This year’s Workday Rising, the company’s annual user group meeting, offered details of the company’s latest release, Workday 31, and provided a roadmap for the next several semiannual releases. To put these plans into a broader context, I’ve commented before that information technology is on the verge of delivering capabilities that will enable finance and accounting organizations to transform how they work. Technology will have a more profound impact on accounting and finance over the coming decade than it has over the past 50 years. Workday Financial Management, along with the company’s Prism Analytics and recently acquired Adaptive Insights, is evolving to provide to finance and accounting departments the technology underpinnings that can help them redefine how they do their work.
Financial analysts typically classify real estate as a fixed cost. Strictly speaking, that’s correct, but looking at it this way leads many organizations to overlook opportunities to more carefully manage their real estate and other occupancy expenses. The changes in lease accounting that are going into effect have caused some organizations to reexamine their leasing policies and how they organize their lease accounting processes. They should take an even broader approach and consider ways to improve how they manage those leases.
Was accounting ever cool? Well, yes, in a nerdy sort of way. Double-entry bookkeeping, codified in the 15th century by Fra Luca Pacioli, a Franciscan friar and pal of Leonardo Da Vinci, was essential for the expansion of trade and the creation of the modern corporation. Bookkeeping and accounting were as important to economic development as two other financial inventions – insurance and fractional reserve banking. Double-entry bookkeeping is an elegant system, simple yet powerful. It supports the accurate recording of transactions and the economic condition of a business as well as analyses of its performance. That’s cool.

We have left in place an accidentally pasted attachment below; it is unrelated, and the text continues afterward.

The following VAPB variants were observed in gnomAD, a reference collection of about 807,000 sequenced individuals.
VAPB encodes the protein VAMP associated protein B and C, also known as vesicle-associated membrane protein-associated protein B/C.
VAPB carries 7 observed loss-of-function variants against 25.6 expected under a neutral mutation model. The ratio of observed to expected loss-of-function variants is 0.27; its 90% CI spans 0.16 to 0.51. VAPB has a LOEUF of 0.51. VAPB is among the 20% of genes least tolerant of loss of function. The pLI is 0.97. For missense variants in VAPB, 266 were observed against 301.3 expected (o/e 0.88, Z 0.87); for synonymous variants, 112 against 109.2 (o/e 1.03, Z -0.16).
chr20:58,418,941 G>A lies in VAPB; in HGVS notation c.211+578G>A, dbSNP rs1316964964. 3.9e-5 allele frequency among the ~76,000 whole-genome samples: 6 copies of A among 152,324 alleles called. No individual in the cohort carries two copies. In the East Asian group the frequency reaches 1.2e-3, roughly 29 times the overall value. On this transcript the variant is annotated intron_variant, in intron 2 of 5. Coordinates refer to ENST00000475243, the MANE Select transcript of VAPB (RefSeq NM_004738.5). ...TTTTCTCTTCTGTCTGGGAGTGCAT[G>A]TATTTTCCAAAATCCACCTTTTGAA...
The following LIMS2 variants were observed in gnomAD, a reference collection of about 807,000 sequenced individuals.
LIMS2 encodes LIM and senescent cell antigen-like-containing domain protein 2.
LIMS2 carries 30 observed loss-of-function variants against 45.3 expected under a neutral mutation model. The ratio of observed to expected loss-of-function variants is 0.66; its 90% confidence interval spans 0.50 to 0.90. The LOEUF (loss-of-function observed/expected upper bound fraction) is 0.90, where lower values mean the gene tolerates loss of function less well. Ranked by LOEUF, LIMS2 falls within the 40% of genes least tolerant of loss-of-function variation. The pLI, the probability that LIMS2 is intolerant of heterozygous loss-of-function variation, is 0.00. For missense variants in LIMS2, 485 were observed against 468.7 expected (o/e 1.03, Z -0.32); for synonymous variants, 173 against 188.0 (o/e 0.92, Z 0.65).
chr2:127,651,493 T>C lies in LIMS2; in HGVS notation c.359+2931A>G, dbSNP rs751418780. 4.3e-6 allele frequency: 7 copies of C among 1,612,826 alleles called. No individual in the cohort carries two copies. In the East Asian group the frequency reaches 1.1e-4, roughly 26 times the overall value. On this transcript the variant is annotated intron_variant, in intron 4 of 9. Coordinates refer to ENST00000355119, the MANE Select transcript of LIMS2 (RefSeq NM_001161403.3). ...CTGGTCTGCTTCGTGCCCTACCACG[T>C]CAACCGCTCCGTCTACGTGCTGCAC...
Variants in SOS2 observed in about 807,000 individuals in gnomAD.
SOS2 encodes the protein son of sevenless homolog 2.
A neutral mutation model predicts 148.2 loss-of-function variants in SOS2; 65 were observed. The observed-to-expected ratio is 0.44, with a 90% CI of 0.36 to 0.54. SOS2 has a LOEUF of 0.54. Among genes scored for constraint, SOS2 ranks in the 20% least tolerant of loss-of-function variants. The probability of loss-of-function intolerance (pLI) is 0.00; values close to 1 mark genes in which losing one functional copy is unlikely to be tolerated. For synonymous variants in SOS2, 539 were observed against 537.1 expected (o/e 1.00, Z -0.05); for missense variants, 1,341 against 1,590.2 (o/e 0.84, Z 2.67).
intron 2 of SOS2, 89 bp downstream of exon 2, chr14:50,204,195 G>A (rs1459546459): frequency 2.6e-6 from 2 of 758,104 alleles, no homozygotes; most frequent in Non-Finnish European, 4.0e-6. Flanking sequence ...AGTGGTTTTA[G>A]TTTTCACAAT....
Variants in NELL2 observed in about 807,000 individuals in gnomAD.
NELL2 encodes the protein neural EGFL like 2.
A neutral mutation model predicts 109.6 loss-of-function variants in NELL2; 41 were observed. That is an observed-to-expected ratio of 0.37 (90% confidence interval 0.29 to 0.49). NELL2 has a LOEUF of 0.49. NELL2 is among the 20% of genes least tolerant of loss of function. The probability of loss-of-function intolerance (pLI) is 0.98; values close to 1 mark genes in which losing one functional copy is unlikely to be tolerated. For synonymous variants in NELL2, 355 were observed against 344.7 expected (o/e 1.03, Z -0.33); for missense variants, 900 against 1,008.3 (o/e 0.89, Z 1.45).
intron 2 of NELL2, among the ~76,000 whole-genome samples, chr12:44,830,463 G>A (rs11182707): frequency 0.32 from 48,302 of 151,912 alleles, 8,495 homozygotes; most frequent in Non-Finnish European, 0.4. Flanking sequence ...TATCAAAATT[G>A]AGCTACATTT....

A quarter century after a “fast, clean close” became a key measure of a finance and accounting department’s effectiveness, companies continue to take too long to close their books. Our Office of Finance research finds that 60 percent of companies take more than six business days to complete their close despite widespread agreement that it should be done within a business week. Closing sooner provides executives with financial and management accounting data sooner. A faster close also promotes agility in responding to markets and competitors, frees up departmental resources to enable CFOs to fix process issues that hamper the effectiveness of the department and allows extra time to concentrate on more valuable analytical tasks. Moreover, it’s likely that by focusing on issues that are delaying the close, the department will uncover the root cause of other issues that diminish its performance. “We’re too busy to figure out how to save time” is a common problem in these finance organizations.
OneStream XF from OneStream is a financial performance management (FPM) platform offering planning, budgeting and forecasting, statutory consolidations and reporting. The company was founded in 2010 and has been self-funded, which means that until recently its marketing and brand recognition efforts have been limited. I reviewed the company’s statutory consolidation capabilities earlier this year.